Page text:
Immigration Minister Peter Dutton has finally broken his silence about the dangerous events on Manus Island last Friday, where 100 bullets were sprayed into the Australian-run immigration facility by "drunken" soldiers, but Manus asylum seekers say the claims are "lies".
Dutton has also come under fire from groups advocating for refugees' rights who have called on the Minister to present evidence to support, what they label, his "unsubstantiated" claims.
Asylum seekers barricaded themselves in thclaims eir rooms last week after the facility was stormed by armed Papua New Guinean soldiers. Reports claimed 100 rounds were fired during the incident, and several asylum seekers were injured in the fracas, prompting fresh calls for the centre to be immediately closed and the residents -- 861 men, at last count in January -- brought to Australia.
PNG police blamed the "unethical and unacceptable behaviour of the drunken soldiers" and claimed the incident was sparked by an altercation over asylum seekers using a soccer field on navy premises. But Australian officials had remained tight-lipped over the incident, the Department of Immigration and Border Protection declining to issue statements or further information about the incident in the Australian-run facility.
Despite a media blitz in recent days, featuring several press conferences and interviews on changes to Australia's working visa and citizenship rules, neither the immigration minister nor Prime Minister Malcolm Turnbull were asked about Manus by journalists.
But on Thursday, nearly a full week later, the immigration minister finally spoke about the incident, stating the shooting and violence was sparked by claims that asylum seekers had "led" a young local boy into the centre.
Dutton spoke to Sky News, saying "rising concerns" over claims and cases of sexual assault by asylum seekers on local people had led to the violence. The PNG police statement did not make any reference to any such incident.
"There was an alleged incident where three asylum seekers were alleged to be leading a local five-year-old boy back toward the facility. There was a lot of angst around that within the local PNG community," Dutton said in an interview with David Speers, which will be broadcast in full at 8pm on Sky.
"There was concern about why the boy was being led, for what purpose he was being led away back into the regional processing centre. I think it's fair to say the mood had elevated quite quickly. I think some of the local residents were quite angry about this particular incident and another alleged sexual assault.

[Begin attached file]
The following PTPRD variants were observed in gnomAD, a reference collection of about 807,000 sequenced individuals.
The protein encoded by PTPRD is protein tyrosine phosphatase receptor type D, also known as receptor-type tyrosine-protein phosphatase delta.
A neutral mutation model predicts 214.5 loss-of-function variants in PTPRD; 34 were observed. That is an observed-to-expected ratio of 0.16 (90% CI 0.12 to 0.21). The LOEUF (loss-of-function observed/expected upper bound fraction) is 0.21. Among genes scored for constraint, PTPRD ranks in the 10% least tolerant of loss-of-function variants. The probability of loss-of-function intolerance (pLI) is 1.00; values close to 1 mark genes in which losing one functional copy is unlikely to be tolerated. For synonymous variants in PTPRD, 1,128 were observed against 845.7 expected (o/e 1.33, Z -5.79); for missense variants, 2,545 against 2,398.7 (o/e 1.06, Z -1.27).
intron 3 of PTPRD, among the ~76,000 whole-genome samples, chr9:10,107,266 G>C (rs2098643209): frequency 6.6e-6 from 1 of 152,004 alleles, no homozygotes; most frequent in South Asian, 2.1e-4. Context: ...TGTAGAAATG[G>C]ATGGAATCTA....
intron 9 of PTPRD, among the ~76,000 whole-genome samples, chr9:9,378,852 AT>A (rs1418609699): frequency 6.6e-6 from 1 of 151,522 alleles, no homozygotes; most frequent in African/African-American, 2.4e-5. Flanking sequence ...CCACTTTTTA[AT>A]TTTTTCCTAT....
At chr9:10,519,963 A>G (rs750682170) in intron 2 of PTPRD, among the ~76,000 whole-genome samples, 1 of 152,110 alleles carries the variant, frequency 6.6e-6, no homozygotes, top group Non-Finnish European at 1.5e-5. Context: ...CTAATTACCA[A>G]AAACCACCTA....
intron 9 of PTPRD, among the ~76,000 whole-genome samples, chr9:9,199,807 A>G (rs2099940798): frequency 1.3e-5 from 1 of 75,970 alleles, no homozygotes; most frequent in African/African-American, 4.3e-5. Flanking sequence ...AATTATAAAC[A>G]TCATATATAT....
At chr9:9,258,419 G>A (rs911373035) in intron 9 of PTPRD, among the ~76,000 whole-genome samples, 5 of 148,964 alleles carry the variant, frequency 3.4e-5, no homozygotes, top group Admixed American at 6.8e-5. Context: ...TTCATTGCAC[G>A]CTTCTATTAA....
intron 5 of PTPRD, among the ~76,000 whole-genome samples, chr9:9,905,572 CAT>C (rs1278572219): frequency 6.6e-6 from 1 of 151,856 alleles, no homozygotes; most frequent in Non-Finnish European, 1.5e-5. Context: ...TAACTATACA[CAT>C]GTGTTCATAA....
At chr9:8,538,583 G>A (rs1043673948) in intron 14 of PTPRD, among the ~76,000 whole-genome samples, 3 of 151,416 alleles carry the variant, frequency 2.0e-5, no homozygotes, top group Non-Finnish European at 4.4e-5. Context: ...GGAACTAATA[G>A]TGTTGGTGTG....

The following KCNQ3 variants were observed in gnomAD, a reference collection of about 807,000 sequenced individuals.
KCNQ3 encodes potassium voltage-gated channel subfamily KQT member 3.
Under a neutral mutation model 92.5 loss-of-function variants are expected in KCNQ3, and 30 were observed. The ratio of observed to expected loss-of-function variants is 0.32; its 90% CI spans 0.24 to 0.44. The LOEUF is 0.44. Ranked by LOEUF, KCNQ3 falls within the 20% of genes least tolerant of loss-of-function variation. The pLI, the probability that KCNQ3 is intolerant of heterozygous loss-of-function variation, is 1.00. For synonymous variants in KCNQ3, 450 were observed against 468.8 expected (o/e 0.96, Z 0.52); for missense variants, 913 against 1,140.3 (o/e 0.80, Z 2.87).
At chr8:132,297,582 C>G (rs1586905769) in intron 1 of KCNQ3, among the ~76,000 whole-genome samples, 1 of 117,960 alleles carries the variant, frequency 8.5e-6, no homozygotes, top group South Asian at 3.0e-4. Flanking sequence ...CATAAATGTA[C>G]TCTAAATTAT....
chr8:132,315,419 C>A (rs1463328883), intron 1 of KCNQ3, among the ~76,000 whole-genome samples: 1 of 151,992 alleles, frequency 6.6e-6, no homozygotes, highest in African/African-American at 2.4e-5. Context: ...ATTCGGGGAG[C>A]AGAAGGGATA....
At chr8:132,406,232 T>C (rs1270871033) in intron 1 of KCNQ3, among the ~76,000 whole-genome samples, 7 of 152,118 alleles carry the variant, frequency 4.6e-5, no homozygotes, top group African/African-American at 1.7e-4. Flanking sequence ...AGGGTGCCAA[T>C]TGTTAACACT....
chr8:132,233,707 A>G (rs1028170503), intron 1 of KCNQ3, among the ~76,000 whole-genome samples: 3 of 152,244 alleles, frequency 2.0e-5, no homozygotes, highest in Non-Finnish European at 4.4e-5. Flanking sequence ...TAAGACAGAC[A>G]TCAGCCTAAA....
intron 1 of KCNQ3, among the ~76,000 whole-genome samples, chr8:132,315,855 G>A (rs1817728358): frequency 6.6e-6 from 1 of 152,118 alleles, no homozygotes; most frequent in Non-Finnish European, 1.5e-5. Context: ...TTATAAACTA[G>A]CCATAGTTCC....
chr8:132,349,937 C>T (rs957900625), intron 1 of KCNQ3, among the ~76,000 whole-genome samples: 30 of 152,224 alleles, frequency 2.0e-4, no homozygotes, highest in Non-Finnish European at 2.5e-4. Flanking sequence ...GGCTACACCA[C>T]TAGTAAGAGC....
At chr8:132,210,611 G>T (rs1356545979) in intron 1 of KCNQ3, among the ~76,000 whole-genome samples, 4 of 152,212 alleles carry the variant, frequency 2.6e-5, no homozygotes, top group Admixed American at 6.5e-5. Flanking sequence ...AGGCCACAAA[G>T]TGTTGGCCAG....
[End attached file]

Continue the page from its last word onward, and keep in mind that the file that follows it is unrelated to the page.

"I don't have the full details and those matters are under investigation."
However, Manus asylum seeker and journalist Behrouz Boochani told The Huffington Post Australia that Dutton's claim about the young boy is "a big lie". Boochani said centre officials informed asylum seekers on Thursday that they were banned from the soccer ground which allegedly sparked the clash.
"If the fight started because the refugees wanted to take a boy to the centre, why did the navy commander order that we cannot use the soccer ground?" he said in a text message.
"I have been researching about the incident in the past few days and it's the first time I heard anything about a small boy. [Dutton] is lying and he wants to deny that he has responsibility for refugees and Australian citizens who are working here."
Spokesperson for the Refugee Action Coalition Sydney, Ian Rintoul told HuffPost Australia "there's no foundation" for Dutton's "absurd" comments.
"There's no foundation for that comment, it's absurd to suggest that any incident like that happened," he said.
"I think this is something that has been completely manufactured as an attempt to try and deflect away from the seriousness of the situation in which his inaction not only left the asylum seekers and refugees' safety in jeopardy but also Australian employees.
"The idea that a 5-year-old, or anybody, could be led from a soccer field up the hill to the detention centre unimpeded, let alone the idea that they could get through the locked gates of the centre, is simply beyond belief."
Rintoul also called on Dutton to present any evidence he may have to prove the claims.
"If Dutton has a shred of evidence, he should put that forward rather than making these wild suggestions."
Boochani said Dutton's comments were "dangerous" for relations on Manus between locals and asylum seekers.
"The main issue is that the navy shot the refugees' rooms and staff offices. His comment is very dangerous and makes this place more unsafe because he is going to make more conflict between refugees and local people," he said.
Sky's full interview with Dutton will air at 8pm on Thursday.
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